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The first thing I noticed was how tall he was. People in our generation—and I am only a short few years younger than Gabe — are seldom that tall. Then I noticed his friendly smile: he seemed genuinely happy to meet his Brazilian colleagues for dinner that night in São Paulo.
After the usual amenities, we started making small talk around the dinner table, which was the main purpose of the meeting—and that is when I noticed how good his spoken Portuguese was. I knew he had lived in Brazil for several years, long enough to gather a degree in chemical engineering and an MBA. But I also knew he had lived in about half a dozen countries before moving to Brazil (and later to the USA) and spoke several other languages. Polyglots often have strong accents and if Gabe had one, he hid it very well. He spoke very slowly, picking his words carefully, but his Portuguese was perfect. As the dinner went on, he seemed to gather momentum, encouraged by a beer or two, and started to crack jokes as if he had been born and lived his whole life in this country.
Why was I there? Gabe used to return to Brazil every so often and we had organized a small informal dinner party for him. “We” means a few members from trad-prt, a mailing list for translators with a foot in Portuguese where Gabe was a star with his encyclopedic knowledge of engineering terms and his huge will to help.
I was also very active in the list and that is why Gabe one day emailed me an invitation to write an article for the TJ, soon after the first number was out. A great honor, of course. However, to tell the truth, I was frightened both because I would have to write in English and because I did not feel I was in the same league as the people who had written for the first issue.
But all went well and I enjoyed a standing invitation and wrote another 60+ articles, almost a third of them with Kelli Semolini, who became my partner in 2008.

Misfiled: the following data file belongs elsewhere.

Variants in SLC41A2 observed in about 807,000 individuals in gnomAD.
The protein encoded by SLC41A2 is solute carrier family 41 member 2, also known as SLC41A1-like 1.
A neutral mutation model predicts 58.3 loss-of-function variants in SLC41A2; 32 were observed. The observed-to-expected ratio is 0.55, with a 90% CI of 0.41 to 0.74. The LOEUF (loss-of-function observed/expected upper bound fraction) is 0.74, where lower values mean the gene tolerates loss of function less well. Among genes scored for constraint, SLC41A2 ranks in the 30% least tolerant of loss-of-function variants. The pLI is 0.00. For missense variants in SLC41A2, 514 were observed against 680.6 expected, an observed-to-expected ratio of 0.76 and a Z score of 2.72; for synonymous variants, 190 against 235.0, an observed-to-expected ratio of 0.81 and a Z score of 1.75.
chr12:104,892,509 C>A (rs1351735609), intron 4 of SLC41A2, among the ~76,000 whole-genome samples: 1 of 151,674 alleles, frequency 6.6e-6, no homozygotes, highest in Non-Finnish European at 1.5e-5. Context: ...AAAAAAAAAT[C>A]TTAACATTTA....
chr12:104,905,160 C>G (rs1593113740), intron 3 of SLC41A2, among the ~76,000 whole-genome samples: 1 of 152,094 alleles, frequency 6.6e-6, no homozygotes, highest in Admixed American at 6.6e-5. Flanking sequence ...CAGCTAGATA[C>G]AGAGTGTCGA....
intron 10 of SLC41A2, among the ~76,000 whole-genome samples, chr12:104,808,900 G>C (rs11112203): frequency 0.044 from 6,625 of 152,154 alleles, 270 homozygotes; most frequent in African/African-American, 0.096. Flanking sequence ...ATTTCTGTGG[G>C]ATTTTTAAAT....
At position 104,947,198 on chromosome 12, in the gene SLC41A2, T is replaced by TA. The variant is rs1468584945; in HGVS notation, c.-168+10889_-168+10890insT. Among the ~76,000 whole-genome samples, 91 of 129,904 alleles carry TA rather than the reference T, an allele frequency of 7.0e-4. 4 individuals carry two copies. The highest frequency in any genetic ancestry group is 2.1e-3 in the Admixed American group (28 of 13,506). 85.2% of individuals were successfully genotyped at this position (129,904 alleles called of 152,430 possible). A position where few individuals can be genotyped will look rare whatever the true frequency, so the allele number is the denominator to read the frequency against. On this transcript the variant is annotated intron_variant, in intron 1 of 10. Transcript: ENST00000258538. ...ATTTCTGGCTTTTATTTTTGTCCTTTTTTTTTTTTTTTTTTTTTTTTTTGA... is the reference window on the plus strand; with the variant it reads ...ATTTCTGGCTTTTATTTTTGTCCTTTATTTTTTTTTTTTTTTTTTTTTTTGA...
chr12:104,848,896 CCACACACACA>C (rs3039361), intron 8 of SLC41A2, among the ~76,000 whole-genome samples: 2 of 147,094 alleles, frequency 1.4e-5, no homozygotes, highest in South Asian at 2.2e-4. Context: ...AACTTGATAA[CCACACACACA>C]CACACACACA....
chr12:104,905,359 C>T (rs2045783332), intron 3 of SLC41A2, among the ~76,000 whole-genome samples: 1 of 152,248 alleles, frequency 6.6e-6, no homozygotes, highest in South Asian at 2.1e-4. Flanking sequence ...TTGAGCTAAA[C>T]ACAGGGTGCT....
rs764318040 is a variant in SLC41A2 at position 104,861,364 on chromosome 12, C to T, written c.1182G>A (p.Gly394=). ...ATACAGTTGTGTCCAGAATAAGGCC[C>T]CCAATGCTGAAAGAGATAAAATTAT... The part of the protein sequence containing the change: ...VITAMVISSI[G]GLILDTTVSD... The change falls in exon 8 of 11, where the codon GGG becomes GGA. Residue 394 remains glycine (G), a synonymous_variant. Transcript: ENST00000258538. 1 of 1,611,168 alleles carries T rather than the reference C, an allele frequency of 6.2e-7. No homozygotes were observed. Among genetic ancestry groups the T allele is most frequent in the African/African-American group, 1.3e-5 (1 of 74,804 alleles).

The TJ was Gabe’s dream. Not the only one, for sure.
He dreamed of a free publication where translators could exchange knowledge and he knew the Web was the place for the endeavor. In those years, there were few publications on translation and all of them were very expensive and somewhat irregular. I paid a small fortune for a subscription to one and, after a few months, received a 32-page booklet with a few musings on literary translation from European academics. Very disappointing, to tell you the truth.
The TJ was different: Every three months, Gabe sent out an all-points bulletin to mailing lists that there was a new and lively edition out; an issue that we could access from our homes at no cost. No missed editions, nothing ever lost in the library, everything on-line and searchable--a revolution, really.
However, it took me some me some time to appreciate the full power and outreach of the TJ. On the strength of my articles, I was invited to speak at two ATA conferences, where I got my two biggest clients. Later on, I was invited to speak twice in Argentina, once in Portugal and then in France. All of that because every quarter, the TJ published something I had written.
In 2008, I began a partnership with Kelli Semolini, a young and talented colleague, and asked Gabe if he would accept articles by both of us. Gabe welcomed her onboard.
Now that Gabe is passing the baton to Karen Hodgson it is my pleasure to compliment him on the achievement and to thank him for allowing me to be part of his dream, which in time also became my dream. May it become Karen’s dream too.
- Danilo Nogueira
As for me, well, I only met Gabe once, very briefly, in 2010. I was also enchanted by his lack of foreign accent when speaking Portuguese. His height, however, wasn’t as shocking for me as it was for Danilo: not only I am much younger and used to tall people, but also my own grandfather was over six feet tall.
I started contributing to Danilo’s articles in the Translation Journal soon after we decided to work together. It wasn’t part of our first agreement on what I would and would not do, but it seemed fun and the best way to start writing articles. After a little while, I started to realize it was not a walk in the park, though.
Danilo had already written so many articles that finding a new topic would drive both of us crazy every three months. Sometimes an idea would come to one of us at the end of the last minute, and we had to rely on Gabe’s patience and forgiveness when we missed a deadline. Never did he complain.
It has been a challenge and a pleasure to write for the Translation Journal. I hope to keep doing it for many years to come.
- Kelli Semolini